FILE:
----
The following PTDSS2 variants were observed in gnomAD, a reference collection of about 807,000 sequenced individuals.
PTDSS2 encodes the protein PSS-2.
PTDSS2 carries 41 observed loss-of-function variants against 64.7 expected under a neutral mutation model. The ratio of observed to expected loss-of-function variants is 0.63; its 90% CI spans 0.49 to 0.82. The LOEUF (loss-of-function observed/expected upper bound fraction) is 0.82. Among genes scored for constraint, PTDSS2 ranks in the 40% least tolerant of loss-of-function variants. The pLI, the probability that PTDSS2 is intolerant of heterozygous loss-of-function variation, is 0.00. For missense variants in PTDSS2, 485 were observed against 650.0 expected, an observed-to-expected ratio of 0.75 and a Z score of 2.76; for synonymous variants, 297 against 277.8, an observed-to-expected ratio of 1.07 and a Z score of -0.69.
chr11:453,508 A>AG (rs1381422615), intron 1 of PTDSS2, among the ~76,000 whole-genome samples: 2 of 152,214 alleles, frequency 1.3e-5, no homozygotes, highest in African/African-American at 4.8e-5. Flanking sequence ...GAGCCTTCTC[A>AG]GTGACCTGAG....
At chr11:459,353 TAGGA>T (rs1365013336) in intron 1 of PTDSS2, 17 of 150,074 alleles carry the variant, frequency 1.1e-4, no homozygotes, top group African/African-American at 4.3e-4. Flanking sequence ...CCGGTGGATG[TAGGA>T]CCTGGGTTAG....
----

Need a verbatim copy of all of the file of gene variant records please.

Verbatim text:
The following PTDSS2 variants were observed in gnomAD, a reference collection of about 807,000 sequenced individuals.
PTDSS2 encodes the protein PSS-2.
PTDSS2 carries 41 observed loss-of-function variants against 64.7 expected under a neutral mutation model. The ratio of observed to expected loss-of-function variants is 0.63; its 90% CI spans 0.49 to 0.82. The LOEUF (loss-of-function observed/expected upper bound fraction) is 0.82. Among genes scored for constraint, PTDSS2 ranks in the 40% least tolerant of loss-of-function variants. The pLI, the probability that PTDSS2 is intolerant of heterozygous loss-of-function variation, is 0.00. For missense variants in PTDSS2, 485 were observed against 650.0 expected, an observed-to-expected ratio of 0.75 and a Z score of 2.76; for synonymous variants, 297 against 277.8, an observed-to-expected ratio of 1.07 and a Z score of -0.69.
chr11:453,508 A>AG (rs1381422615), intron 1 of PTDSS2, among the ~76,000 whole-genome samples: 2 of 152,214 alleles, frequency 1.3e-5, no homozygotes, highest in African/African-American at 4.8e-5. Flanking sequence ...GAGCCTTCTC[A>AG]GTGACCTGAG....
At chr11:459,353 TAGGA>T (rs1365013336) in intron 1 of PTDSS2, 17 of 150,074 alleles carry the variant, frequency 1.1e-4, no homozygotes, top group African/African-American at 4.3e-4. Flanking sequence ...CCGGTGGATG[TAGGA>T]CCTGGGTTAG....